Sunday 9 May 2010

New blog from Jeremy Duns

Spy fiction writer Jeremy Duns - author of last year's great Free Agent, which is now out in paperback and which I read as soon as it came out - has started a new blog!

It's called The Debrief (very good title, Jeremy!) and he refers to it as his "online playground". It has an interesting mix of writing about his books, links to stories about other fellow thriller writers, and the wider world of espionage and spy and thriller fiction.

It's well worth checking out. As Jeremy's linked to my blog, the only decent thing is for me to link back to Jeremy's blog. I'd encourage readers of this blog to check it out.

Jason King + Harry Palmer - the mash-up

When spy fiction icons interact! On the Deighton Dossier's message board someone called Chiops has posted a link to a fascinating YouTube clip. It shows a connection between Peter Wyngarde's fictional Jason King character - novelist and spy - and Len Deighton, novelist and spy fiction writer.

This video shows a clip from an episode called 'A Page Before Dying'. A capsule plot summary (courtesy of the Jason King episode guide):
King has written a novel which describes an ingenious way of smuggling a man from East to West Berlin by hiding him in a safe. The British want to get a man named Gorini out of West Berlin. Sir Brian decides to make use of Jason's book ... and of Jason himself. He is lured to West Berlin on the pretext of a fabulous offer for the film rights in the book. 
Unfortunately for Jason the C.I.A. also wants Gorini. And the Stasi know what's happening. The British have started an export business in safes with East Germany, and in charge of this is an attractive espionage agent named Ingrid. Jason is tricked into entering a safe and is unable to get out. The next thing he knows is that he is in East Berlin!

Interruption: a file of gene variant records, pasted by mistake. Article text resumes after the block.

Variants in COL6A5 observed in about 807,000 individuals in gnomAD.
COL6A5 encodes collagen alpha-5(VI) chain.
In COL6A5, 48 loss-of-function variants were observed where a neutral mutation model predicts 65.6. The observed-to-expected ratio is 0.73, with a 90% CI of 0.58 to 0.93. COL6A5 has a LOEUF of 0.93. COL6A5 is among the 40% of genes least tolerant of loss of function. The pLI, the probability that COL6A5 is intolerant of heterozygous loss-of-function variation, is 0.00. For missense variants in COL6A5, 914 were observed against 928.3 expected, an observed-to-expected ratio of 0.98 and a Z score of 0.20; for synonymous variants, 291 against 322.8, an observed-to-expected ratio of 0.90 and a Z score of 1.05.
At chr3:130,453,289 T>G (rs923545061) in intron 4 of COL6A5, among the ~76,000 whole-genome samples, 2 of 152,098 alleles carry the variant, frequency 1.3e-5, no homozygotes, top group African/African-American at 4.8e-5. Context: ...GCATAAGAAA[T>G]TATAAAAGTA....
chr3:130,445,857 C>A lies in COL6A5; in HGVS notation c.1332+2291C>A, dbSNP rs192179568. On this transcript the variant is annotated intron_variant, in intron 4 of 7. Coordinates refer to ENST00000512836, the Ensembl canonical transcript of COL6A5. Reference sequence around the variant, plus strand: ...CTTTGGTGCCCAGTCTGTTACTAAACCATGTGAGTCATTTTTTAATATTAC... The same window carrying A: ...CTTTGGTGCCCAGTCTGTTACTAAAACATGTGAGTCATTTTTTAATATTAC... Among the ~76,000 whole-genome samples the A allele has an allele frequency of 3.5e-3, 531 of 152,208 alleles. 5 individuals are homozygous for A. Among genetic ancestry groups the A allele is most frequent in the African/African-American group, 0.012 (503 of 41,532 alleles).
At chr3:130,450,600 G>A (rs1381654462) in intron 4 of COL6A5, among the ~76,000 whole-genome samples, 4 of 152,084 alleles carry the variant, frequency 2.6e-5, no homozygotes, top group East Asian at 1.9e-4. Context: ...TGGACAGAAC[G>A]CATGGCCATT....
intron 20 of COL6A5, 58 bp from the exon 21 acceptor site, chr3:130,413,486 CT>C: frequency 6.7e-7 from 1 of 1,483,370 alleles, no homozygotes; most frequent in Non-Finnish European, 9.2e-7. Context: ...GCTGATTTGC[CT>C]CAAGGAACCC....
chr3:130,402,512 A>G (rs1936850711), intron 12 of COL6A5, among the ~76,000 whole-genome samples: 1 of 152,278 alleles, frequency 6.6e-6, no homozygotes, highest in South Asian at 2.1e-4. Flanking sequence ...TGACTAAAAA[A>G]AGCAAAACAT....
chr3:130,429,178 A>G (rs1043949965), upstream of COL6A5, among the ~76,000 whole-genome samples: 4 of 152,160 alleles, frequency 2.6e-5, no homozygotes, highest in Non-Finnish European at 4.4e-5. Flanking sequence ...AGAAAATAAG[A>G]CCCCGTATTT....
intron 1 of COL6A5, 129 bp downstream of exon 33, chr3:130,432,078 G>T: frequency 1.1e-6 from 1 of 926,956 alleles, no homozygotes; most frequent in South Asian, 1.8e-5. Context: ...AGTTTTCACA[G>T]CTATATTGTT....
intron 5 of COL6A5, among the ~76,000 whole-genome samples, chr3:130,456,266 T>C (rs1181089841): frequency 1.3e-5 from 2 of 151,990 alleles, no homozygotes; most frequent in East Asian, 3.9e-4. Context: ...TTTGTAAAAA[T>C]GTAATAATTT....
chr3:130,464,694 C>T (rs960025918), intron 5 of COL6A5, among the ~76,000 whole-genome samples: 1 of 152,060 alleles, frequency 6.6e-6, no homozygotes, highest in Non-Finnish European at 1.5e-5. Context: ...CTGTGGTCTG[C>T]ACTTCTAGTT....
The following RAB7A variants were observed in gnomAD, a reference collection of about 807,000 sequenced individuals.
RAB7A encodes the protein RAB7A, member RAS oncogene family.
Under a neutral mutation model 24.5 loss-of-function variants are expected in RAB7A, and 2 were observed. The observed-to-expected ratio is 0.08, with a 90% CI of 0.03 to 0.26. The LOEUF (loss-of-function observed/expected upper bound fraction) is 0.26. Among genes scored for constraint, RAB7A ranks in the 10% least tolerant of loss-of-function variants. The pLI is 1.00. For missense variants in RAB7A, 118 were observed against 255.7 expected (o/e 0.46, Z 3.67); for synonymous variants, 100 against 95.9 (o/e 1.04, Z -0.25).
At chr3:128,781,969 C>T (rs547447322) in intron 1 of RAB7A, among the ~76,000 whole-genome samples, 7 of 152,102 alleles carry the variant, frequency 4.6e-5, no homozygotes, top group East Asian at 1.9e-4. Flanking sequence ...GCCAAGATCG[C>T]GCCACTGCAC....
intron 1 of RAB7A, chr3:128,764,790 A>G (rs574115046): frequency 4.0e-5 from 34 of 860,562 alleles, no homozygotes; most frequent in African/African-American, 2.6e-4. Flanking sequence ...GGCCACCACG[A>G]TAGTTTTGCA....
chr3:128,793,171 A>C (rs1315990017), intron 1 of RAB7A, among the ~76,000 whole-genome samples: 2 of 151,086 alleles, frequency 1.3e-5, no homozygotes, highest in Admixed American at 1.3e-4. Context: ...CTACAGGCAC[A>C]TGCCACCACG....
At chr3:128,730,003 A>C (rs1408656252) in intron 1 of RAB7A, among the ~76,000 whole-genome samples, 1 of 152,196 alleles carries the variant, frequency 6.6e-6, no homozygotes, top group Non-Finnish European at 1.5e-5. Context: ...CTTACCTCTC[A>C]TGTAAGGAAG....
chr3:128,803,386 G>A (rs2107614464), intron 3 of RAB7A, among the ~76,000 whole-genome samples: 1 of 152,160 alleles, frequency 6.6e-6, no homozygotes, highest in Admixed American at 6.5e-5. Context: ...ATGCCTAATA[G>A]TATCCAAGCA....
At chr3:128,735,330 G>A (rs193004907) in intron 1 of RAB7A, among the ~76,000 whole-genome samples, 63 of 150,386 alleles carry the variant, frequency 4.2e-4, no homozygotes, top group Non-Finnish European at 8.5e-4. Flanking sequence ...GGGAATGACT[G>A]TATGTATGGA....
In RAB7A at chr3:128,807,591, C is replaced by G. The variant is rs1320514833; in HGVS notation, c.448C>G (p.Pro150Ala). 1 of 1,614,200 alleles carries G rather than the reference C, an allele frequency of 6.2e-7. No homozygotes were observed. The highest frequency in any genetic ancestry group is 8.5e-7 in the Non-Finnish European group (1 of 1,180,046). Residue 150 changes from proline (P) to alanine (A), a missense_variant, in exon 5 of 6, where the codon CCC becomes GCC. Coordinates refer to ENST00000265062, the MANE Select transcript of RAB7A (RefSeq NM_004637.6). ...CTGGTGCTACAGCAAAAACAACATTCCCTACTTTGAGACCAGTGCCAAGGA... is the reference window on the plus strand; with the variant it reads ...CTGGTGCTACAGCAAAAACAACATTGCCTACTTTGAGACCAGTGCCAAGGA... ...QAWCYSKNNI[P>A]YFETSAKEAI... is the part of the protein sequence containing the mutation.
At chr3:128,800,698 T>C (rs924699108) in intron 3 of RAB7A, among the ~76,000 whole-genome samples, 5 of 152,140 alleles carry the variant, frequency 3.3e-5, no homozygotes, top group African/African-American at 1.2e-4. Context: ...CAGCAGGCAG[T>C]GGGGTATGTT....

The authorities are waiting for him and he is trapped. Both Jason and the East Germans believe Gorini to be hidden in a safe, but when it is forced open, he isn't there. Gorini has been smuggled out of the country by an entirely different method. Maybe the East Germans knew what Whitehall had in mind; but Whitehall, in turn, knew that the East Germans knew! Jason realises that he has been used as a decoy. He also realises that he is in grim danger.
You'll see in the clip that right at the end, after King escapes from East Berlin, he is handed by Sir Brian a copy of Funeral in Berlin, Deighton's third novel, in which a man is smuggled out of Berlin in a coffin .... but isn't. Sir Brian says, knowingly:
"You might read this novel and draw your own conclusions.
Clearly, the fictional Whitehall Mandarin's had the good taste to read Deighton's novel and base their own exploits on 'Harry Palmer's' efforts to extract Colonel Stok from Berlin He - like King - was merely a pawn in a bigger game between the different side in the Cold War. King contemptuously throws the novel into the fireplace, accusing his bosses of being inspired by Deighton's novel, and not his!

So, a tribute and a salute by the writers to the previous decade's best-selling spy novels (the series was filmed in the early 'seventies').

This video is an intriguing little vignette that I hadn't seen before, and indicates that in the early seventies - as compared to now - Funeral in Berlin and Deighton's other novels were still fresh in the collective cultural minds that they could provide an obvious reference point to a story which the public would recognise.

Can readers of this blog think of any other instances in spy fiction, or elsewhere in popular culture, where disparate fictional worlds have been bought together in such a way?